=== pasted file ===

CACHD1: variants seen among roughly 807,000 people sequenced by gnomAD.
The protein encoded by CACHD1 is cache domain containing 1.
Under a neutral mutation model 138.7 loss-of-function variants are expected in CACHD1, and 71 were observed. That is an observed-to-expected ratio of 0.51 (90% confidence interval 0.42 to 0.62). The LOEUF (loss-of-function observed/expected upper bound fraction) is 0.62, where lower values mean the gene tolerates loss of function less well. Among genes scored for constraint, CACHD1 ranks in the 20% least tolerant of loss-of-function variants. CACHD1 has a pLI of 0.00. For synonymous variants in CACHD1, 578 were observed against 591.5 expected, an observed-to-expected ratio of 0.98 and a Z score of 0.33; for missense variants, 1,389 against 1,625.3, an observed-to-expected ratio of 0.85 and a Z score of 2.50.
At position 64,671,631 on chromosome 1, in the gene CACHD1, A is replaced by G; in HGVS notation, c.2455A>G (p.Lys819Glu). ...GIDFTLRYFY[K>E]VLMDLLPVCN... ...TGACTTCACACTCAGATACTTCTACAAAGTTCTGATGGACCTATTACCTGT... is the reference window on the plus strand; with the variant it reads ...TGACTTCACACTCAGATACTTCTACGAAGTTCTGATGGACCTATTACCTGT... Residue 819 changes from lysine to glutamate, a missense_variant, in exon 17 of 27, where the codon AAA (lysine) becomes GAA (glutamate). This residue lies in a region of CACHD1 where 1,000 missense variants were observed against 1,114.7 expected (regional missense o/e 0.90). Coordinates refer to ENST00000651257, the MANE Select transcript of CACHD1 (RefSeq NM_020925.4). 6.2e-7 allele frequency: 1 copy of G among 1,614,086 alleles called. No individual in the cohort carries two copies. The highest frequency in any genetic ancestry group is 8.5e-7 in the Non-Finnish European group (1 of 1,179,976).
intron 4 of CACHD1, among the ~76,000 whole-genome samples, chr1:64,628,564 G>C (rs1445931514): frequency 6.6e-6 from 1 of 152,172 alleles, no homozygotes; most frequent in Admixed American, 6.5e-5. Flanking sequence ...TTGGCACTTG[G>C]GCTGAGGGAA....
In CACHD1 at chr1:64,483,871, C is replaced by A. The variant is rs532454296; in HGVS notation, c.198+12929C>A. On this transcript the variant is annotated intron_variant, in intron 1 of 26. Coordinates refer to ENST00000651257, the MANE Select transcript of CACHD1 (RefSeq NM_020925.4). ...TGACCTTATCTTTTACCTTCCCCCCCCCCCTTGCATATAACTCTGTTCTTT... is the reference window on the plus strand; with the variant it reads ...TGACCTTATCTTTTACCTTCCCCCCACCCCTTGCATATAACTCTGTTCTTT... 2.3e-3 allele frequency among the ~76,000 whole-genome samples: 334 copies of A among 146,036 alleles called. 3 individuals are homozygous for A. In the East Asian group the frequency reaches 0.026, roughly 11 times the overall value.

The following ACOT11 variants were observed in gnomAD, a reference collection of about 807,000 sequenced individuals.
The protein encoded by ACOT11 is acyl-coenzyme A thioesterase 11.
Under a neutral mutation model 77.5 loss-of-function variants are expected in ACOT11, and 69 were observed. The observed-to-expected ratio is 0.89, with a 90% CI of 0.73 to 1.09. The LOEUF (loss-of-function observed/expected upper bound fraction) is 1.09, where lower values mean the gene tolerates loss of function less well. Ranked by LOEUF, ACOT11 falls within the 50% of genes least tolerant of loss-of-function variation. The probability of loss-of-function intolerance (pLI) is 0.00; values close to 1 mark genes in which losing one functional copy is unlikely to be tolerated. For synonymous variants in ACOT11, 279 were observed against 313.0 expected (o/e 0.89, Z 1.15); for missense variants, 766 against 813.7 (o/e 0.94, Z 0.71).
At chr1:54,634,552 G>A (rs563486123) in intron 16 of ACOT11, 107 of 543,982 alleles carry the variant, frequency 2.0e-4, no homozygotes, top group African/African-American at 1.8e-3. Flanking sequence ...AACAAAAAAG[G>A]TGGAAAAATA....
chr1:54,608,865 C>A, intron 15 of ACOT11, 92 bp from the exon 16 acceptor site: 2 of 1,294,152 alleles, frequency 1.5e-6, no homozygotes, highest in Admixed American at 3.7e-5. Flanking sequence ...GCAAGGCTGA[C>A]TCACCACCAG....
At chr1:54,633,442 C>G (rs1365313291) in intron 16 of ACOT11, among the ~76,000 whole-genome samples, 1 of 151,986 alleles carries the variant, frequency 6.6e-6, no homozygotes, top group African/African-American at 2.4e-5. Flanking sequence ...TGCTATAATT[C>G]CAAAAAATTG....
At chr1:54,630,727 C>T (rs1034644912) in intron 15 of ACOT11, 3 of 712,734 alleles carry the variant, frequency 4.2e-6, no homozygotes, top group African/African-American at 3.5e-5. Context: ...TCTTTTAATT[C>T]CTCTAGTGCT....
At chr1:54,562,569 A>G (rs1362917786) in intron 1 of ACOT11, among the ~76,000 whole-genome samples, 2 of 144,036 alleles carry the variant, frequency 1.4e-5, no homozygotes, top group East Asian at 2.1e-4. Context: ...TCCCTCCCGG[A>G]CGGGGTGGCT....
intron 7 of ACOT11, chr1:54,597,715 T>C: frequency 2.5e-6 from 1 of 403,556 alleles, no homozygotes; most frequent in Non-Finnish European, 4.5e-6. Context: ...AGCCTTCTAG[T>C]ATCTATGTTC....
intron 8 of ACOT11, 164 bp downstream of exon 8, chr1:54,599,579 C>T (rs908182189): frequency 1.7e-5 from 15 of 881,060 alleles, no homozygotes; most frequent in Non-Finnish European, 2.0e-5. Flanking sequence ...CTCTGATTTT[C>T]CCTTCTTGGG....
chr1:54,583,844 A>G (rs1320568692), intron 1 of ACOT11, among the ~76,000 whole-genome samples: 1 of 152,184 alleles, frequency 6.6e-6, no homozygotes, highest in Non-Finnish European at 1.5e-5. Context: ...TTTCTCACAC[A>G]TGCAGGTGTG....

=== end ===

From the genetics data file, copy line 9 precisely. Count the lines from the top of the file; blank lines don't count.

Under a neutral mutation model 77.5 loss-of-function variants are expected in ACOT11, and 69 were observed. The observed-to-expected ratio is 0.89, with a 90% CI of 0.73 to 1.09. The LOEUF (loss-of-function observed/expected upper bound fraction) is 1.09, where lower values mean the gene tolerates loss of function less well. Ranked by LOEUF, ACOT11 falls within the 50% of genes least tolerant of loss-of-function variation. The probability of loss-of-function intolerance (pLI) is 0.00; values close to 1 mark genes in which losing one functional copy is unlikely to be tolerated. For synonymous variants in ACOT11, 279 were observed against 313.0 expected (o/e 0.89, Z 1.15); for missense variants, 766 against 813.7 (o/e 0.94, Z 0.71).